The Literary Salon

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Friday, October 20, 2006

Blindndess and Insight

(This post is probably my most arcane one yet, but I will try to make it intelligible, in the short space, to most readers)

I was reading, believe it or not, Paul de Man's Blindness and Insight recently. He has the distinction of being probably the only "Deconstructive" critic still read (and even that's a stretch). Having something of a New Critic/Formalist background, I was interesting by his comments on the dead end of either approach (though I think he confuses the philosophies with the actual practices). He shows, quite logically, how the New Criticism/Formalism of I.A. Richards and his disciple William Empson breaks itself down. In other words, if you push their logic far enough, it will say something they didn't wish to say, namely, that poems are so ambiguous an differential that there is nothing unified about them (in like manner, Hume took Locke's epsitemology to its logical extreme, saying, in effect, "if you believe this, you must then believe this. Similarly, the post-structuralists differ from the structuralists only in that the latter believed that meaning was the product of differences only, and the former took this to its logical extreme).

In any case, arguing against de Man is something that requires much patient though and effort, things I am in short supply of right now. However, he did say something fairly straightforward which made me pause. In a 1970 essay on the New Critics/Formalism, de Man maintains that it is because of the logical inconsistency of the New Criticism that it had not (within 30 years or so) produced any lasting works of criticism. That was 36 years ago. Now, from a safe distance, we can make a similar pronouncement: though people still read Derrida, and Deconstruction has left its mark on literary studies (and other areas), I can't think of one single lasting work of Deconstructive literary criticism. Names like Hartmann, Hillis Miller and, to a lesser extent, de Man are rarely if ever mentioned anymore. Conversely, people still read Empson and Cleanth Brooks, both of then New Critics writing in the 30s-50s. I respect de Man's logical rigour, and I'm not sure if I agree (or understand) with everything he says, but this is an instance of blindness on his part.


Anonymous RK said...

I think that the difference in what people read now is a factor of fashion. The guys who did "all that French stuff" (including the Murrcans who took it over) are now at the nadir of "oh man, that's so over". While Cleanth and Co. are, like, antique and thus colectible again. De Man I recall as a fine thinker. Barthes I love as an artist of the mind. Derrida is scarily intelligent when he's doing his real thing and not posturing in California. Foucault had the guts to wait eight years between vol. I and vol. II of the History of Sexuality and to do the whole thing again because he realized he'd been wrong. And two you may not have looked at are worth a side-trip: Georges Bataille, who went farther into the taboo than any serious thinker/writer I know; and the most magisterial of them all, the sublime Maurice Blanchot. I should add that they are ALL much better read in French. The only one I know who can compete in English was Geoffrey Hartman -- and he was German! (A colleague of mine once heard GH say, with the utmost seriusness, that he had seen the Spirit of Poetry, and that it was hovering somewhere wbove Rhode Island.)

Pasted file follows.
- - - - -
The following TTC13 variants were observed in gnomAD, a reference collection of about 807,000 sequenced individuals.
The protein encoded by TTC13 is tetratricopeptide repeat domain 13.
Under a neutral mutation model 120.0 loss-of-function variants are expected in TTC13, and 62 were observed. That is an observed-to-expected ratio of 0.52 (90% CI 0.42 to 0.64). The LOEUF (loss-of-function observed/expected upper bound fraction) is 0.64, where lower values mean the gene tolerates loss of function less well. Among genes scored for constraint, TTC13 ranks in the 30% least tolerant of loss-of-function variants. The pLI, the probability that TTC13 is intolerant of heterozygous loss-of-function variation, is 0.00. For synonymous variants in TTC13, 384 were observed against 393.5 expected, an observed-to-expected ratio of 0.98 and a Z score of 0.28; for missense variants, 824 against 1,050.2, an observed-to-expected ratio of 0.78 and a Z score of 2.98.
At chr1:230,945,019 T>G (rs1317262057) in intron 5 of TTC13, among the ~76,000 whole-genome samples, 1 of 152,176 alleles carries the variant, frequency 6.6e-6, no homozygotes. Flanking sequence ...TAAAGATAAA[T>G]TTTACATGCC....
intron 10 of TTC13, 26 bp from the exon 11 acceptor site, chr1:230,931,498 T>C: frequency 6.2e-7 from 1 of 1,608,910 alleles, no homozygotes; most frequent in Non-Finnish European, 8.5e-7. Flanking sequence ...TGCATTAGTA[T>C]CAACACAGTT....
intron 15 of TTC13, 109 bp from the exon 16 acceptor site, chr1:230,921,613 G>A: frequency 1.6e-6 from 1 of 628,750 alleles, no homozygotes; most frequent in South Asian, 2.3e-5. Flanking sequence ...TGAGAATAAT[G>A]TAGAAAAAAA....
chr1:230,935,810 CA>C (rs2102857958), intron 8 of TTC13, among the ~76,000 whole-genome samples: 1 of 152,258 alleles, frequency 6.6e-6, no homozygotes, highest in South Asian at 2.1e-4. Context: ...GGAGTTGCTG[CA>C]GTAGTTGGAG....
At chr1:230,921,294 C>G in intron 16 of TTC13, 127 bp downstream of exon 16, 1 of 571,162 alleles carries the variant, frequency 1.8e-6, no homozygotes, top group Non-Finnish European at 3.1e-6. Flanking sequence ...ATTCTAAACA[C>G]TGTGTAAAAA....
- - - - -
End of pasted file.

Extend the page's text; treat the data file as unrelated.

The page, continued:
The reason all these guys are so hard to argue with is that they were the products of a first-class French education -- which includes philosophy in high school, at the very least. And Derrida and Foucault were professional philosophers. This means they can think small elegant rings round most of us literary dorks and blunderers. It also means you cannot and do not "deconstruct" literary texts, ever. "Deconstruction" applies to metaphysics. The point, said Derrida (who followed and extended Heidegger), is that you cannot fight metaphysics from without, as yhou are always already inside it. So you can only "deconstruct" it, patiently, from the inside, by remiving one brick at a time until the edifice collapses on top of your grandchildren's grandchildren (that last bit is mine, not D's).

6:45 p.m.  
Blogger Pious Labours said...


you're not alone in saying that these thinkers are better in French. I've recently been reading Barthes and Benveniste (a terribly underrated thinker) in French, even though mine's less than perfect, and it's much, much better: it's actually clearer and more elegant. English translations are terrible and more complicated. Don't even get me started on translations of Racine!! Horrible and dry.

Foucault and Derrida, at their best, are great, and de Man has a rigour that can't be beat. It must be said though that some of them (not so much de Man) have their silly moments.

As I think Dr J will agree, the problem is not these thinkers, but the "literary dorks" who have misappropriated and bastardized them. I seem to remember Derrida denouncing some of these literary "deconstructionists" in an interview.

Hartmann: never read him, but that's a name you don't hear anymore.

9:09 p.m.  

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